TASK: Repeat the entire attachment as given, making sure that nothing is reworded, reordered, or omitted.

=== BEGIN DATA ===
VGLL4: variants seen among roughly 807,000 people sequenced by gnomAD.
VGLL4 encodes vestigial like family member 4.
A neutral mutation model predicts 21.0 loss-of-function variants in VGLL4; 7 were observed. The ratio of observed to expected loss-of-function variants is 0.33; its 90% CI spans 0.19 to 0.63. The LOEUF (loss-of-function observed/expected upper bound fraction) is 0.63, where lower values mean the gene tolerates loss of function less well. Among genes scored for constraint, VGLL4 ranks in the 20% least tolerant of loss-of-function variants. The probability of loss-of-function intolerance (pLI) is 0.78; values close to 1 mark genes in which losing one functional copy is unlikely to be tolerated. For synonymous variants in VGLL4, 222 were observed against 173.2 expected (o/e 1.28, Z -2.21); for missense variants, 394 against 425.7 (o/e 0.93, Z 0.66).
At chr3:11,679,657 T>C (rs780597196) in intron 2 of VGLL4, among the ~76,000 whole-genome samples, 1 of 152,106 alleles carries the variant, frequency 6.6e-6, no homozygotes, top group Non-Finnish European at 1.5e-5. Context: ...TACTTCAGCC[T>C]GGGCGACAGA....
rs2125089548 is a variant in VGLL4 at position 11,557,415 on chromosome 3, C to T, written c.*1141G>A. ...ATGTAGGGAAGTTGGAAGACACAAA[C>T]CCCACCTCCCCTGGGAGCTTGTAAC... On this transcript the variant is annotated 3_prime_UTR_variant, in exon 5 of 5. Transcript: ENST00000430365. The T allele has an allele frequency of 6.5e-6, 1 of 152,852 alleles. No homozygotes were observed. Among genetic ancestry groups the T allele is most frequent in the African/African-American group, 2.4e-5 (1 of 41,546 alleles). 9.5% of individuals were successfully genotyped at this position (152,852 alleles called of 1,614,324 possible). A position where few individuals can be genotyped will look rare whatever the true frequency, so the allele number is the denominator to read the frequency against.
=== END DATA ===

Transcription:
VGLL4: variants seen among roughly 807,000 people sequenced by gnomAD.
VGLL4 encodes vestigial like family member 4.
A neutral mutation model predicts 21.0 loss-of-function variants in VGLL4; 7 were observed. The ratio of observed to expected loss-of-function variants is 0.33; its 90% CI spans 0.19 to 0.63. The LOEUF (loss-of-function observed/expected upper bound fraction) is 0.63, where lower values mean the gene tolerates loss of function less well. Among genes scored for constraint, VGLL4 ranks in the 20% least tolerant of loss-of-function variants. The probability of loss-of-function intolerance (pLI) is 0.78; values close to 1 mark genes in which losing one functional copy is unlikely to be tolerated. For synonymous variants in VGLL4, 222 were observed against 173.2 expected (o/e 1.28, Z -2.21); for missense variants, 394 against 425.7 (o/e 0.93, Z 0.66).
At chr3:11,679,657 T>C (rs780597196) in intron 2 of VGLL4, among the ~76,000 whole-genome samples, 1 of 152,106 alleles carries the variant, frequency 6.6e-6, no homozygotes, top group Non-Finnish European at 1.5e-5. Context: ...TACTTCAGCC[T>C]GGGCGACAGA....
rs2125089548 is a variant in VGLL4 at position 11,557,415 on chromosome 3, C to T, written c.*1141G>A. ...ATGTAGGGAAGTTGGAAGACACAAA[C>T]CCCACCTCCCCTGGGAGCTTGTAAC... On this transcript the variant is annotated 3_prime_UTR_variant, in exon 5 of 5. Transcript: ENST00000430365. The T allele has an allele frequency of 6.5e-6, 1 of 152,852 alleles. No homozygotes were observed. Among genetic ancestry groups the T allele is most frequent in the African/African-American group, 2.4e-5 (1 of 41,546 alleles). 9.5% of individuals were successfully genotyped at this position (152,852 alleles called of 1,614,324 possible). A position where few individuals can be genotyped will look rare whatever the true frequency, so the allele number is the denominator to read the frequency against.